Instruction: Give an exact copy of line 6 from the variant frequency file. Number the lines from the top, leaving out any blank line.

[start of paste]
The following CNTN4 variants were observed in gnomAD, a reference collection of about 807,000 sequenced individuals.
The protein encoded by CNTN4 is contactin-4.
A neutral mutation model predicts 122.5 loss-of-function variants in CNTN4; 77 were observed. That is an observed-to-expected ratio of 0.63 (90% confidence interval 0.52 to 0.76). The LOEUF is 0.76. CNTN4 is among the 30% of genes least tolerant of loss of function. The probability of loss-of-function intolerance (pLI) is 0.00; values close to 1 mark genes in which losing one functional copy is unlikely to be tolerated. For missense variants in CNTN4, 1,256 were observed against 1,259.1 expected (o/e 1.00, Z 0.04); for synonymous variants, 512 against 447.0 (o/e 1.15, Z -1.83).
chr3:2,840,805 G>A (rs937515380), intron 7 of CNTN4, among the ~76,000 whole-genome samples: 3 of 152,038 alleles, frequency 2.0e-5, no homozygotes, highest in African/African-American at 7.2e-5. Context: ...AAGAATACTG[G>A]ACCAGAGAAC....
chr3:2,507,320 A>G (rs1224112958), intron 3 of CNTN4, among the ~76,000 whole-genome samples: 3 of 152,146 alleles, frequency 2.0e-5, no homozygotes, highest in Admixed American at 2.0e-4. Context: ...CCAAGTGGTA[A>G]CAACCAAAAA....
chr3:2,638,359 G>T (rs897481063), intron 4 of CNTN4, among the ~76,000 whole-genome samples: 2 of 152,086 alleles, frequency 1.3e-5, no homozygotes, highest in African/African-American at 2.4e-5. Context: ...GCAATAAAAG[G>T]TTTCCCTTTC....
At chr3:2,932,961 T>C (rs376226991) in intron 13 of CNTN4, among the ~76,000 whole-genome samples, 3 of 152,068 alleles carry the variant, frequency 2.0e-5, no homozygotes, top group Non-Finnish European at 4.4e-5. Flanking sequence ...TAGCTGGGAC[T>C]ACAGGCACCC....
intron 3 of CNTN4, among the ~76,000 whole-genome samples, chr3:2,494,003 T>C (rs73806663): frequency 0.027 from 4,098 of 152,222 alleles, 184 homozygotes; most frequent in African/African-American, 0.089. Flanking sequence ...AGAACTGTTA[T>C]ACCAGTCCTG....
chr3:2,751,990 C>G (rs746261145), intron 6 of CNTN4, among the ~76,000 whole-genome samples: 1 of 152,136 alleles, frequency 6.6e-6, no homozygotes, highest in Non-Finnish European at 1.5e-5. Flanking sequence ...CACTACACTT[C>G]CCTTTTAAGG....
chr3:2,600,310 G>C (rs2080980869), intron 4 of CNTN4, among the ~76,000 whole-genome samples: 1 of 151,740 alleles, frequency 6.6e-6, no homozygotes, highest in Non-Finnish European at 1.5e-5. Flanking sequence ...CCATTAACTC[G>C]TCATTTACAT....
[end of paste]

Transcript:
chr3:2,638,359 G>T (rs897481063), intron 4 of CNTN4, among the ~76,000 whole-genome samples: 2 of 152,086 alleles, frequency 1.3e-5, no homozygotes, highest in African/African-American at 2.4e-5. Context: ...GCAATAAAAG[G>T]TTTCCCTTTC....